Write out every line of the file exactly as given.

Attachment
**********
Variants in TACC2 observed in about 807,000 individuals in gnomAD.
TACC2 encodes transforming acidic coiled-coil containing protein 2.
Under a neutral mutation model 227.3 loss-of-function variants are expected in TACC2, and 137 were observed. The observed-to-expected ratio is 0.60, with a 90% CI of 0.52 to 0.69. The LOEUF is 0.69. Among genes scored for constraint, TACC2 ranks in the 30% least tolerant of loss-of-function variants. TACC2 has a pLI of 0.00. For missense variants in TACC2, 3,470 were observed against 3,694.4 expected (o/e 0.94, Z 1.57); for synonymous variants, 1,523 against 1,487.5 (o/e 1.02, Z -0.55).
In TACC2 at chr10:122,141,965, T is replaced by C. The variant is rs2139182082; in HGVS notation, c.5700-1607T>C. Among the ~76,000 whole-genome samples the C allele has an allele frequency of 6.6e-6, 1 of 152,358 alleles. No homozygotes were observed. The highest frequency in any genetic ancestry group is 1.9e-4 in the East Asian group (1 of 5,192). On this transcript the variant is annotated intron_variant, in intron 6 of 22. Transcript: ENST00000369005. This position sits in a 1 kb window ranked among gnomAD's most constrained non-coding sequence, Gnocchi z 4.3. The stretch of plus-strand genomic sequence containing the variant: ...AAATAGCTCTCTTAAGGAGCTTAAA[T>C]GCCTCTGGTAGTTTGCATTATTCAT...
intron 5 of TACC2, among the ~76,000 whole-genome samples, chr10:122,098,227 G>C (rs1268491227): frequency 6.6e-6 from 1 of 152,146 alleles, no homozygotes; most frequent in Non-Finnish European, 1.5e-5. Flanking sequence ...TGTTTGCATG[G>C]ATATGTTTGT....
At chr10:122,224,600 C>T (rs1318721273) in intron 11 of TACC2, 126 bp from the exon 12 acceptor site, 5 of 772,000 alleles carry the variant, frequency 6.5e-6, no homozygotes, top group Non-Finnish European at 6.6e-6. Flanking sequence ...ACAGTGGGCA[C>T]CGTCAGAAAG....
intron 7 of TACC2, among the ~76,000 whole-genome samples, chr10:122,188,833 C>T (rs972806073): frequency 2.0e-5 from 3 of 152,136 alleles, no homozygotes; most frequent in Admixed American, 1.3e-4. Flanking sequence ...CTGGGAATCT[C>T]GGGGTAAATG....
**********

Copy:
Variants in TACC2 observed in about 807,000 individuals in gnomAD.
TACC2 encodes transforming acidic coiled-coil containing protein 2.
Under a neutral mutation model 227.3 loss-of-function variants are expected in TACC2, and 137 were observed. The observed-to-expected ratio is 0.60, with a 90% CI of 0.52 to 0.69. The LOEUF is 0.69. Among genes scored for constraint, TACC2 ranks in the 30% least tolerant of loss-of-function variants. TACC2 has a pLI of 0.00. For missense variants in TACC2, 3,470 were observed against 3,694.4 expected (o/e 0.94, Z 1.57); for synonymous variants, 1,523 against 1,487.5 (o/e 1.02, Z -0.55).
In TACC2 at chr10:122,141,965, T is replaced by C. The variant is rs2139182082; in HGVS notation, c.5700-1607T>C. Among the ~76,000 whole-genome samples the C allele has an allele frequency of 6.6e-6, 1 of 152,358 alleles. No homozygotes were observed. The highest frequency in any genetic ancestry group is 1.9e-4 in the East Asian group (1 of 5,192). On this transcript the variant is annotated intron_variant, in intron 6 of 22. Transcript: ENST00000369005. This position sits in a 1 kb window ranked among gnomAD's most constrained non-coding sequence, Gnocchi z 4.3. The stretch of plus-strand genomic sequence containing the variant: ...AAATAGCTCTCTTAAGGAGCTTAAA[T>C]GCCTCTGGTAGTTTGCATTATTCAT...
intron 5 of TACC2, among the ~76,000 whole-genome samples, chr10:122,098,227 G>C (rs1268491227): frequency 6.6e-6 from 1 of 152,146 alleles, no homozygotes; most frequent in Non-Finnish European, 1.5e-5. Flanking sequence ...TGTTTGCATG[G>C]ATATGTTTGT....
At chr10:122,224,600 C>T (rs1318721273) in intron 11 of TACC2, 126 bp from the exon 12 acceptor site, 5 of 772,000 alleles carry the variant, frequency 6.5e-6, no homozygotes, top group Non-Finnish European at 6.6e-6. Flanking sequence ...ACAGTGGGCA[C>T]CGTCAGAAAG....
intron 7 of TACC2, among the ~76,000 whole-genome samples, chr10:122,188,833 C>T (rs972806073): frequency 2.0e-5 from 3 of 152,136 alleles, no homozygotes; most frequent in Admixed American, 1.3e-4. Flanking sequence ...CTGGGAATCT[C>T]GGGGTAAATG....